AN INDIVIDUAL’S REFLECTION ON METHADONE
Author – Anonymous (but with an interesting view!)
“ I wanted to write about methadone. Something I thought I knew about. It would be easy. So I’d bolster my knowledge with a few statistics, Government policies and initiatives, and general opinions. I spent days bogged down in pharmacology reports, reading documents from medication trials, outcome statistics of maintenance dosing – trying to research the history from its discovery to its uses today. Looking at manufacturing firms. Why its favoured over above suboxone or naltrexone in the treatment of long-term opiate users. I watched videos on YouTube from the perspectives of doctors, prescribers and users. There were just more links. It’s exhausting and I was at a loss. The majority opinion I found was. Methadone = good.
Things I learned?
No one seems to know or agree on the exact number of clients being prescribed methadone in the UK. Somewhere around 150.000, to the cost of around £3-4000 per client, per year. Around 2% are private prescriptions. 17.5 million pound it cost the Scottish government last year.
There was a trial last year on habitual long-term injectors of street heroin. This was done in 3 places in the UK. Each was split into 3rds, with a third treated with 80ml of oral methadone. A third with an injectable methadone, and a third with injectable diamorphine….
The results of this medical experiment
The oral methadone users continued using heroin, with a small percentage achieving stabilisation. The injectable methadone users, reduced their heroin consumption, and again a tiny amount attained stabilisation……… The ones given injectable diamorphine, responded mostly to the treatment and stopped using street drugs in much higher numbers. Of course, you are providing them their drugs for free. They don’t have to go and score. But……. In both cases of injectables prescribed, it was advised for the user to take regular doses of oral methadone “on top” regularly!
One video, a man who’s worked with clients and dispensed methadone for 20 years. Giving us the advice, he gives to methadone users. “You will know the right dose for you. If you feel yawny and stretchy before getting your dose in the morning, increase your dose, it should last you 28 hours a day.” he says. “If you are on 70-80 ml a day but are still using or want to use on top, go up 10 or 20 ml. “. “If the methadone isn’t working, increase your dose.” He said “You should feel comfortable, so experiment.“……. What is comfortable to an opiate user?
The guy is genial and friendly. A nice bloke. I would have loved this man. Looking at the comments under this video, current users of methadone do to. One stood out. A lady, claiming she was prescribed 240ml, then went up to 330ml. She also claims she was pregnant and gave birth to a child that didn’t have withdrawal symptoms. I don’t see how her second statement is even remotely possible, but after reading other comments it seems very high dose scripts are quite prevalent now.
Tolerance (greed …… COUGH!) to opiates builds massively … and if users can get a free, unlimited supply of their drug of choice, for decades in some cases, for the rest of their lives in others, why would they not? I’m not pointing fingers at front line staff working in the substance field. There’s an issue with opiate abuse. with large numbers of service users and limited time, funds, and options. “Methadone is cheaper.” admits another Dr, when asked why its still prescribed over Buprenorphine. Methadone has been the favoured way for decades in treating clients.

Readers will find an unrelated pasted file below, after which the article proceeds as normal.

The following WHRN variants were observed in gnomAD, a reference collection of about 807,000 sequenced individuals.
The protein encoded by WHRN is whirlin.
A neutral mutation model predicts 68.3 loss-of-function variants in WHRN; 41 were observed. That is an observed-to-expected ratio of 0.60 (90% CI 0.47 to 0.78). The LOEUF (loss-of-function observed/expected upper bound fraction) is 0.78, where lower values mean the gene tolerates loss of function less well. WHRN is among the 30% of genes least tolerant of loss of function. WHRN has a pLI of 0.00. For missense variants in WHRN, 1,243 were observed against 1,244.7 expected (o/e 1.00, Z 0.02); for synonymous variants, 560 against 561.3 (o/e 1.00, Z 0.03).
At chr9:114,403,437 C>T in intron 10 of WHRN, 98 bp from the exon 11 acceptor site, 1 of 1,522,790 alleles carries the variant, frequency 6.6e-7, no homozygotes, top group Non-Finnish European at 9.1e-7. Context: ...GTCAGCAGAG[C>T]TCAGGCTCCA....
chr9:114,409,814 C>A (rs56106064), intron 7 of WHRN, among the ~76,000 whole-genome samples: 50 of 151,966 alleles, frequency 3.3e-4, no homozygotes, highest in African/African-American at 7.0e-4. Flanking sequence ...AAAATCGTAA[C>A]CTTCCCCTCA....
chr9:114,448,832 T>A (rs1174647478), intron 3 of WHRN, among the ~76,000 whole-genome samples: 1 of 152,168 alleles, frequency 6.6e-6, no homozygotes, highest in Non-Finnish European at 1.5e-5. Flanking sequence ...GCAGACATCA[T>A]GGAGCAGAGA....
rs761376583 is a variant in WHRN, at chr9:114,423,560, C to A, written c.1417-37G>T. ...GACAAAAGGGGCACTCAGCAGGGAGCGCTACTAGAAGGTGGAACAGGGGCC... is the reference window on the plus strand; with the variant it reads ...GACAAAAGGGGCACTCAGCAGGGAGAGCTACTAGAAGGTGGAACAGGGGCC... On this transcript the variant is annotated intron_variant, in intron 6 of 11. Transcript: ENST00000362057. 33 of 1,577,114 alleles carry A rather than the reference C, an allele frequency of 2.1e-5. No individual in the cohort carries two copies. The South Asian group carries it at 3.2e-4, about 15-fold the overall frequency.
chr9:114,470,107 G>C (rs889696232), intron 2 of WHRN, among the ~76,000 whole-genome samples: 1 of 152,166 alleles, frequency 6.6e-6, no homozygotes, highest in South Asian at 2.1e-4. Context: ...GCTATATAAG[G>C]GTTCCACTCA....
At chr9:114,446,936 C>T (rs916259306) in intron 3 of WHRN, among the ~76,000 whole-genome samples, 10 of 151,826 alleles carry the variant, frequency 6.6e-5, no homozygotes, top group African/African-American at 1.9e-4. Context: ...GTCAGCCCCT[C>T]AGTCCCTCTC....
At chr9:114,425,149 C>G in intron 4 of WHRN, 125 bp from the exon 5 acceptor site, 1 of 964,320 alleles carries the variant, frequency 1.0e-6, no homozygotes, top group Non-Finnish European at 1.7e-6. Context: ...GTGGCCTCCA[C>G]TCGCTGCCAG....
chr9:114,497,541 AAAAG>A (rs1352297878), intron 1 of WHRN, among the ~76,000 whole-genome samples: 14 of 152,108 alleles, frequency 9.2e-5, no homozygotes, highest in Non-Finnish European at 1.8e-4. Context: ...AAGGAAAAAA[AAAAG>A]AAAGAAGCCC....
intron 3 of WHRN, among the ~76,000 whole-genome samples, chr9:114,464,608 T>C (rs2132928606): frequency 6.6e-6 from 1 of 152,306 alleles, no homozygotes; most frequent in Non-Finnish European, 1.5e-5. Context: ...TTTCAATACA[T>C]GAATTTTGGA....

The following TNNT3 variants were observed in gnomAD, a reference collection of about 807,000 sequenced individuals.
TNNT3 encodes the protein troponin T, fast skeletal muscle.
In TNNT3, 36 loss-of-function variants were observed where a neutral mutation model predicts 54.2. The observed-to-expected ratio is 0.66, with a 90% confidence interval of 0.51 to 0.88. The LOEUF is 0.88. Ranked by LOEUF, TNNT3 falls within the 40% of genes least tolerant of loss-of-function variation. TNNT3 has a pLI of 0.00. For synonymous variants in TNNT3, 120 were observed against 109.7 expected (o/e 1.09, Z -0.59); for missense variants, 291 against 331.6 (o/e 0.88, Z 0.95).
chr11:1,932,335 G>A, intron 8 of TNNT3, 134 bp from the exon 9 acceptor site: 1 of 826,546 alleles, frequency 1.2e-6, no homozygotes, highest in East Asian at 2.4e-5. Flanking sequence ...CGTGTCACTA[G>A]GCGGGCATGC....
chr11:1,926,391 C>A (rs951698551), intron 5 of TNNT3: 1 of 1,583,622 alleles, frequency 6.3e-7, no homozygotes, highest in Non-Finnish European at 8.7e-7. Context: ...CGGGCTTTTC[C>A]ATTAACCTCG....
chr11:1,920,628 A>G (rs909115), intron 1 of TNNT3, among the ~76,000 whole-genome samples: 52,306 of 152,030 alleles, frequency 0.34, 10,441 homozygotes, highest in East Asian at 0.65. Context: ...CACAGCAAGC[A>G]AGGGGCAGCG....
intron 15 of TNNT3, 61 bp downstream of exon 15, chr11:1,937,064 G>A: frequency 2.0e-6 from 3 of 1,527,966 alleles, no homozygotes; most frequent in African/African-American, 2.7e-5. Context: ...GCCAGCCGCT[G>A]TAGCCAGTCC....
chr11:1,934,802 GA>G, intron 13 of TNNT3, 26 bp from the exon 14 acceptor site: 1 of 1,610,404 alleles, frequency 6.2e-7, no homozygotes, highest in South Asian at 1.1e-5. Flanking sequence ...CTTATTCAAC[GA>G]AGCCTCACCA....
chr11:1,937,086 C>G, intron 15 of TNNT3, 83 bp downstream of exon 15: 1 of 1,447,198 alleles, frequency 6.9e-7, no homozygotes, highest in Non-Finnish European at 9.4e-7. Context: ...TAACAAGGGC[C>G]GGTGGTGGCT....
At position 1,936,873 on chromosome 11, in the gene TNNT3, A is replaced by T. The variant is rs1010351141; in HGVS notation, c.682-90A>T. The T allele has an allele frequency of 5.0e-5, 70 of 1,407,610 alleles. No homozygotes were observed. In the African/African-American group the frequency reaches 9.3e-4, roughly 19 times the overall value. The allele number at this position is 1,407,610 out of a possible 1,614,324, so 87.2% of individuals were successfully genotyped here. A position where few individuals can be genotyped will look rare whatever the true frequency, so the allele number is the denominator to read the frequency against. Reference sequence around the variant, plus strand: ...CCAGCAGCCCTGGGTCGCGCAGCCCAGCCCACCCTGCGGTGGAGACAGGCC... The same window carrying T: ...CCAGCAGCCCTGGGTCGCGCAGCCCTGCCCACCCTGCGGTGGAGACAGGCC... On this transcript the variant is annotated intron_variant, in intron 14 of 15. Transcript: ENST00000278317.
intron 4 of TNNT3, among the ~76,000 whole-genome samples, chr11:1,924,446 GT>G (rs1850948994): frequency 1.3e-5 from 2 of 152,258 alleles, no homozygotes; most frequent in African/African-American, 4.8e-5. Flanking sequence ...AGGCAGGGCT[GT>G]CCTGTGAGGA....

Yet I wonder how Drs and dispensers would feel, giving a synthetic replacement Crack, for habitual crack users? A “safer” form of alcohol for alcoholic? Pharmaceutical grade amphetamines, MDMA and cannabis? What about the user unable to quit GHB or meth? How would the Government, the public feel about treating these Substance users under the same model? I’m sure they wouldn’t feel comfortable with this. I know I don’t, but that’s how used we are to methadone maintenance.
Would providing these people with these drugs help them? If not, why not?
One fallacy I’ve seen in this information again and again, is that methadone doesn’t get you high. Which seems a ridiculous statement. Granted, it doesn’t feel like mainlining heroin, but nothing else does, (though I’m wondering if injectable methadone directly into a vein is akin to it) but once a therapeutic dose hits the system, 45 mins to an hour after drinking it, the user does get the warm glow, the calm euphoria, like smoking heroin. Higher doses do induce gouching and can lead to overdoses. So, it does get one high. Anyone who says it doesn’t want to perpetuate this lie for some reason. These same people say “methadone stops the cravings for using “. Well if it does, its because it gets you high, satisfying the need to go out to score.
We are providing a certain section of the drug community a lab made supply of their narcotic of choice. “To help them.” So why not all problematic substance users?
One Dr in the US who prescribes methadone says “long-term chronic opiate use, can impact the brain in a way, that can be un-rectifiable. These clients have a brain disease that means the best cause of action maybe a lifelong, methadone prescription.”
I thought this once too …… !!! “